Lordstown Motors’ stock fell 11% today. Here’s why.

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Lordstown Motors’ Endurance van was unveiled last June.

Matthew Hatcher / Bloomberg

Investors have not been subtle in showing how disappointed they are with the new production plans put in place by

Lordstown Engines.

Shares of the electric vehicle start-up fell double-digit on Tuesday – and Wall Street piled on with a downgrade and lower price targets.

Lordstown’s first quarter earnings report, released Monday night, is what catalyzed the decline – just over 11% in midday trading, compared to small increases for both

Dow Jones Industrial Average

and

S&P 500.

The automaker doesn’t have any sales yet, so the losses aren’t as big as upcoming production. On that front, however, Lordstown management slashed this year’s numbers for its all-electric Endurance light van and told investors the company would likely need more money in the future.

In response to the update, RF Lafferty analyst Jaime Perez downgraded the title to Hold from Buy. Its target price fell from $ 35 to $ 9 a share. Perez set out his reasons in a Tuesday report: “The lower price target reflects our lower income estimates for 2021 and 2022, which assumes that ramping up production will depend on Lordstown’s ability to mobilize more capital. ” Other issues he listed – higher start-up costs, higher parts costs, and supply shortages like semiconductors and plastics.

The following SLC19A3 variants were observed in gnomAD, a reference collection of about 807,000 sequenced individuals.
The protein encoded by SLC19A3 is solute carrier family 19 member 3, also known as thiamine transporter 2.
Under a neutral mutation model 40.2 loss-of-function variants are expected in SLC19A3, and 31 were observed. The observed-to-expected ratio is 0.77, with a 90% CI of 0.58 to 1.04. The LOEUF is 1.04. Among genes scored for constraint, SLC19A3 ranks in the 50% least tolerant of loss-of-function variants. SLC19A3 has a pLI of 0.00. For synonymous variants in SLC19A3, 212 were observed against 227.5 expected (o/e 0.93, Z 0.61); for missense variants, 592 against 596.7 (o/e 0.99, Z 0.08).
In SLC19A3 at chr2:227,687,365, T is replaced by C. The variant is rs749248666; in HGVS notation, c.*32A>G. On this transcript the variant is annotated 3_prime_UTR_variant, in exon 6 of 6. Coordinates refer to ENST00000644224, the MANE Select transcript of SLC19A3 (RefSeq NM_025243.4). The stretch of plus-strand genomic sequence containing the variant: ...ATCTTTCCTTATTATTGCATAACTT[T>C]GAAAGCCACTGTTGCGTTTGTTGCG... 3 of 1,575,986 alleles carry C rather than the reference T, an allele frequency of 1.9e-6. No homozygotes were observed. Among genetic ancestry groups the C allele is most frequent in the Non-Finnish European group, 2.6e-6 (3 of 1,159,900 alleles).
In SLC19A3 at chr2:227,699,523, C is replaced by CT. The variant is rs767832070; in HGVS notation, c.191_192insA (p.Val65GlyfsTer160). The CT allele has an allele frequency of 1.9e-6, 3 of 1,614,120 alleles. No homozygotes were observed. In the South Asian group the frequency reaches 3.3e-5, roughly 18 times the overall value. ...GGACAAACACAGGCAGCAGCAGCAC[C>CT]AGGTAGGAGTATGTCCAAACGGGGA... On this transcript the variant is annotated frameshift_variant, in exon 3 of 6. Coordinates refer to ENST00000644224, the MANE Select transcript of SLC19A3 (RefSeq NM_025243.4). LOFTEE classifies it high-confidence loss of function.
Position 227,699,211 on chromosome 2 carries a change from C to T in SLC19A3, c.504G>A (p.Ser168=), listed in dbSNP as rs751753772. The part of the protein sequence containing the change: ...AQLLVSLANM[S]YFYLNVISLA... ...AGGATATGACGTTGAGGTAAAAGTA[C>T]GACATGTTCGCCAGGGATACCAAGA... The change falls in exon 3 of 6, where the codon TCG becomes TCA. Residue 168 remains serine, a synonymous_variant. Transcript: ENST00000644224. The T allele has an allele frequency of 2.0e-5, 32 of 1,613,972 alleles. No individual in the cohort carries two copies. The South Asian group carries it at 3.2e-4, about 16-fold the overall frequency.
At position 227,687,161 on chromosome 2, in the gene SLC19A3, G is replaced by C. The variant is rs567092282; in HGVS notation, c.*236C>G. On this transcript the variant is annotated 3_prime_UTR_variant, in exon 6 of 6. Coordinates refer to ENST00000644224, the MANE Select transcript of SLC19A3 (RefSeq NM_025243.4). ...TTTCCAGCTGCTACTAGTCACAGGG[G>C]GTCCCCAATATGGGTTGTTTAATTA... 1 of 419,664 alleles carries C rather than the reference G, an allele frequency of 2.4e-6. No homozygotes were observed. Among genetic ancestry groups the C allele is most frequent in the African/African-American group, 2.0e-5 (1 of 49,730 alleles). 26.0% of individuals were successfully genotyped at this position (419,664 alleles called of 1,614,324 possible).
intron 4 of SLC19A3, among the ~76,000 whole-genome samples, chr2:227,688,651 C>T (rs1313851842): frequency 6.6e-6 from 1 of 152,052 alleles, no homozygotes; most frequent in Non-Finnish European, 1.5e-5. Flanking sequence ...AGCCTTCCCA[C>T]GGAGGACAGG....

Goldman Sachs analyst Mark Delaney also lowered his price target from $ 10 to $ 8. It evaluates hold stocks. He also cited higher costs and delays in his report. “We believe there were additional negatives in the report regarding the company’s ability to meet its financial goals,” the analyst wrote.

Lordstown projected $ 118 million in sales in 2021 and $ 1.7 billion in sales in 2022 during the merger process with a special purpose acquisition company in 2020. Delaney projected around $ 22 million in sales in 2021 and $ 535 million in sales in 2022.

Morgan Stanley analyst Adam Jonas also has a price target of $ 8, down from $ 12. His rating, however, is Sell. He was also not impressed with the report. “While there is a glimmer of strategic value, we believe investors are exposed to inordinate business and market risk,” Jonas wrote. It is not certain that Lordstown will be successful in the long run.

There are still bulls. BTIG analyst Greg Lewis rates Buy stocks and has a price target of $ 20, down from the $ 40 he set in early March. Lewis was happy that Lordstown had carried out major crash tests, although the tests cost more than expected.

Lewis also pointed out that a strategic investor – even another automaker, also known in the industry as an original equipment manufacturer – might be willing to take a stake. “We believe [one] could include existing suppliers, a new entrant in the space, an existing OEM without an EV footprint, or even a customer. ”

An investor might be needed to get the stock out of its funk. Shares are down 74% from their 52-week high. The need for cash to achieve profitability will keep investors away, at least until more cash arrives.

Write to Al Root at [email protected]

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